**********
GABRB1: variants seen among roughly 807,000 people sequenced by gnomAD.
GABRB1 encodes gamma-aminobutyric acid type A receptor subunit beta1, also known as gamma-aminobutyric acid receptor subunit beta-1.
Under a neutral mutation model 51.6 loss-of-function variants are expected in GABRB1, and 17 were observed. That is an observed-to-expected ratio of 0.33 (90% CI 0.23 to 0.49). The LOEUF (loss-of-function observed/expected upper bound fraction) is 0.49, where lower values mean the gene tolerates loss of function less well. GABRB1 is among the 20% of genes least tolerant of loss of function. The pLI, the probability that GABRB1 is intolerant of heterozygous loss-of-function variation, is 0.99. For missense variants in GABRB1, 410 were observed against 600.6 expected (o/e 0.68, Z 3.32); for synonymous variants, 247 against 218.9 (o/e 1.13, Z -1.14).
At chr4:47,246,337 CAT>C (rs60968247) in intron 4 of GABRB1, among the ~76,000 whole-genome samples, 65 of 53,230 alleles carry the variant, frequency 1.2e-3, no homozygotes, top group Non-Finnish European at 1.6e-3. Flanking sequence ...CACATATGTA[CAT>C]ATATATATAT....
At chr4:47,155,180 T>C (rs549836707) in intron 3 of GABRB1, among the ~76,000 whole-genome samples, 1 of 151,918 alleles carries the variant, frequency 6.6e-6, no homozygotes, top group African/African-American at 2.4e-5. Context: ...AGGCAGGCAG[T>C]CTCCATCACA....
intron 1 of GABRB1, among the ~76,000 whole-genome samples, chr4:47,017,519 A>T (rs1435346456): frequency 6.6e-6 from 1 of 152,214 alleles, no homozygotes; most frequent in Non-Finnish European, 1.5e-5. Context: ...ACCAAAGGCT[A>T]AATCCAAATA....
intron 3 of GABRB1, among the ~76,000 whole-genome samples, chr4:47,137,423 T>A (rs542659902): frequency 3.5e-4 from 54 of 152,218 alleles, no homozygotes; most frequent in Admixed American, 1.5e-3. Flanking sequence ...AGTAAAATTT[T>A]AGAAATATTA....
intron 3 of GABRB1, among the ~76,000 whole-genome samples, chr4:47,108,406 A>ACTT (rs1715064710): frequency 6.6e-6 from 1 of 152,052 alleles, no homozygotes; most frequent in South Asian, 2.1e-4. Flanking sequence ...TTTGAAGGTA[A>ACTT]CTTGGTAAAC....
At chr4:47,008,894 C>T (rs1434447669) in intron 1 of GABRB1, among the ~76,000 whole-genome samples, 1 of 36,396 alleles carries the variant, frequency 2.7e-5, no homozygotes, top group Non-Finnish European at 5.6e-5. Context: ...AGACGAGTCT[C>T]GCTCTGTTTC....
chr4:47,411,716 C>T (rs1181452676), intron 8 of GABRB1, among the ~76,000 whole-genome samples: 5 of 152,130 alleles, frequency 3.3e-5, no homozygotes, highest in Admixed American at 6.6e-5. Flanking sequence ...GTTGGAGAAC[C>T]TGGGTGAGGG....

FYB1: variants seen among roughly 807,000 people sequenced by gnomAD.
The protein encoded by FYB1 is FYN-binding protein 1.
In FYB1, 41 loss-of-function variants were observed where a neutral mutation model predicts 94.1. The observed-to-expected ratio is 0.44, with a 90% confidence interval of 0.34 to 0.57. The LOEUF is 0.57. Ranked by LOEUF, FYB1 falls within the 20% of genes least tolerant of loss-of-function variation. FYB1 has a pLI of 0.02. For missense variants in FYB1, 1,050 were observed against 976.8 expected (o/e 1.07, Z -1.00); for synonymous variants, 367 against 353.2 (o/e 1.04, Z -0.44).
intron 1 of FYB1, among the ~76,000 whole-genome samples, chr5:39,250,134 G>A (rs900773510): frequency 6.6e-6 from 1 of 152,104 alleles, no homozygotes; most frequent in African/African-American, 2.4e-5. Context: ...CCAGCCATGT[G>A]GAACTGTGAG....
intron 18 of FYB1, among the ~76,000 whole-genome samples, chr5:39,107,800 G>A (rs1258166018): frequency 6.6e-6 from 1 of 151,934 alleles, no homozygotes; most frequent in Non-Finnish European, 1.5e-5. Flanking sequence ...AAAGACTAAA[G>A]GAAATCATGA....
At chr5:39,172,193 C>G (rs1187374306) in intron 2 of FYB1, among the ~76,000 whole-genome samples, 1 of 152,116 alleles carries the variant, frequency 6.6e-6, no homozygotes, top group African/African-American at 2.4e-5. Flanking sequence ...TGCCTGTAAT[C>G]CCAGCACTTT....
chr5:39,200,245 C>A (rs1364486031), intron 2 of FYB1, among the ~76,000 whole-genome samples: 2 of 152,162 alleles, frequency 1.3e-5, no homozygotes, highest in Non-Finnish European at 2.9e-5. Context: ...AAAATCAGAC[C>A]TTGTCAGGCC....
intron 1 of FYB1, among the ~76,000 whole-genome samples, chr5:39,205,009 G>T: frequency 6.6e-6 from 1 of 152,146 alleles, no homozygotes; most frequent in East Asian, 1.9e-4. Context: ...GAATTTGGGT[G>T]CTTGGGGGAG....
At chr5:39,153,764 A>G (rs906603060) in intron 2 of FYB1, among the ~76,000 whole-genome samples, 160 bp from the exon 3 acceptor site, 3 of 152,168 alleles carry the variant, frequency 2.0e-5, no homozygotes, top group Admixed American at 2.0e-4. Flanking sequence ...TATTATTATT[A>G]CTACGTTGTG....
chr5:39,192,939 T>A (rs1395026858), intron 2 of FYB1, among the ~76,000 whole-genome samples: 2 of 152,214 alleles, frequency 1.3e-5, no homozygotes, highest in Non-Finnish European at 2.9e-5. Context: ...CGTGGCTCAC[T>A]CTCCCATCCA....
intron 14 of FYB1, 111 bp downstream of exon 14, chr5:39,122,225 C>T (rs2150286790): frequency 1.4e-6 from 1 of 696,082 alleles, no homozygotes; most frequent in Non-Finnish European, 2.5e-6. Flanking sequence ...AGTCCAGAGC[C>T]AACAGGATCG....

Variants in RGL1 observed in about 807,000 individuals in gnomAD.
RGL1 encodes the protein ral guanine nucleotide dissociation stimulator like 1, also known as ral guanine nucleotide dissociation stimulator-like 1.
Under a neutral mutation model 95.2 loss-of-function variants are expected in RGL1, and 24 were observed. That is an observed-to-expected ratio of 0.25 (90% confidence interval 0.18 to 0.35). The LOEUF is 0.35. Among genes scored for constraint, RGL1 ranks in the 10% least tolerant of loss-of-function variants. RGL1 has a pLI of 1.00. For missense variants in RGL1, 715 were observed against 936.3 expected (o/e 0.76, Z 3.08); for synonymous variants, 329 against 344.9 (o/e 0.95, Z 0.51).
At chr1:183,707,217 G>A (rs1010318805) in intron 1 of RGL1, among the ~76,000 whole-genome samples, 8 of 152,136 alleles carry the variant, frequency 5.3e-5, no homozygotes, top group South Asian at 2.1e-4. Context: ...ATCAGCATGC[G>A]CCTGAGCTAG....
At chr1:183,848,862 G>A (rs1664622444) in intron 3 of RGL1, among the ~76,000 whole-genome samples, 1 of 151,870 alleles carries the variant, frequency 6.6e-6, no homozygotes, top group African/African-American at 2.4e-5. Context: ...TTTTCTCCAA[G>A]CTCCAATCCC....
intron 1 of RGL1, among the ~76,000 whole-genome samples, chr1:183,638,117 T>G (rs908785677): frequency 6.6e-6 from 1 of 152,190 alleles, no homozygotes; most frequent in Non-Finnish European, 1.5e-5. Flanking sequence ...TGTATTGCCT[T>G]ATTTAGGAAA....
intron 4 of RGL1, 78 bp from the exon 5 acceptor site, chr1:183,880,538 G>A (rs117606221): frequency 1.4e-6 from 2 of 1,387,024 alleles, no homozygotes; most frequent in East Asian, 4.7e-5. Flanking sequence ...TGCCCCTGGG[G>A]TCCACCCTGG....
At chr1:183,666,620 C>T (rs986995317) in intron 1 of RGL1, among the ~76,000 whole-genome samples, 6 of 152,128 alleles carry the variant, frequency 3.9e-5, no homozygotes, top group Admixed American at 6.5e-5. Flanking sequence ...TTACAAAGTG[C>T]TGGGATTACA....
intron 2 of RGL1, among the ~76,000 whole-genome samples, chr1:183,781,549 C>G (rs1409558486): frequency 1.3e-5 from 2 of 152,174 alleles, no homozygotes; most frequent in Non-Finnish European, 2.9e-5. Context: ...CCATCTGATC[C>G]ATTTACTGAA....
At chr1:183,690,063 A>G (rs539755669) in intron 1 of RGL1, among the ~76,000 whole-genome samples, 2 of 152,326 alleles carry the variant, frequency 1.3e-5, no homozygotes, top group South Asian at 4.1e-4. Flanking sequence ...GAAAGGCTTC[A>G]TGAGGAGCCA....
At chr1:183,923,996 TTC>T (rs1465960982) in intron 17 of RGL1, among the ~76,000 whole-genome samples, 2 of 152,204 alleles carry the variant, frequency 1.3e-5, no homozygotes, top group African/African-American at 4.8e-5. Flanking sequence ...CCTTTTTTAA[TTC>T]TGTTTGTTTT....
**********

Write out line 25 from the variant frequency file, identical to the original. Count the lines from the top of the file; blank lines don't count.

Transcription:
At chr1:183,707,217 G>A (rs1010318805) in intron 1 of RGL1, among the ~76,000 whole-genome samples, 8 of 152,136 alleles carry the variant, frequency 5.3e-5, no homozygotes, top group South Asian at 2.1e-4. Context: ...ATCAGCATGC[G>A]CCTGAGCTAG....